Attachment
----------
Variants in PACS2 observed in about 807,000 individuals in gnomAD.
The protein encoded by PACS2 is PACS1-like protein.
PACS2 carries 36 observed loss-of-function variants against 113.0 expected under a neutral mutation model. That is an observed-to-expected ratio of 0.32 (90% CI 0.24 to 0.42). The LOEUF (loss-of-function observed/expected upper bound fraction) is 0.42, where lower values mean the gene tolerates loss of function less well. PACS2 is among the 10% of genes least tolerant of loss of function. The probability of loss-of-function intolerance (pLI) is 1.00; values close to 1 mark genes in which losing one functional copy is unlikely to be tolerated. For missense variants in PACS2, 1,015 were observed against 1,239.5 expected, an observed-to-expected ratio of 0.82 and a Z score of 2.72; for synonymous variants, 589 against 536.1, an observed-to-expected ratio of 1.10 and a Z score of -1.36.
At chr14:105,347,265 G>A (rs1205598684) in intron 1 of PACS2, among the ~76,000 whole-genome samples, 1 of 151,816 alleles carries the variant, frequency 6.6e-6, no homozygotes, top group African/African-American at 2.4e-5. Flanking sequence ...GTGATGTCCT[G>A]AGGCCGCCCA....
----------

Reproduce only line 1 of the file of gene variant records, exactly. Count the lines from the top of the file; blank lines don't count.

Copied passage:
Variants in PACS2 observed in about 807,000 individuals in gnomAD.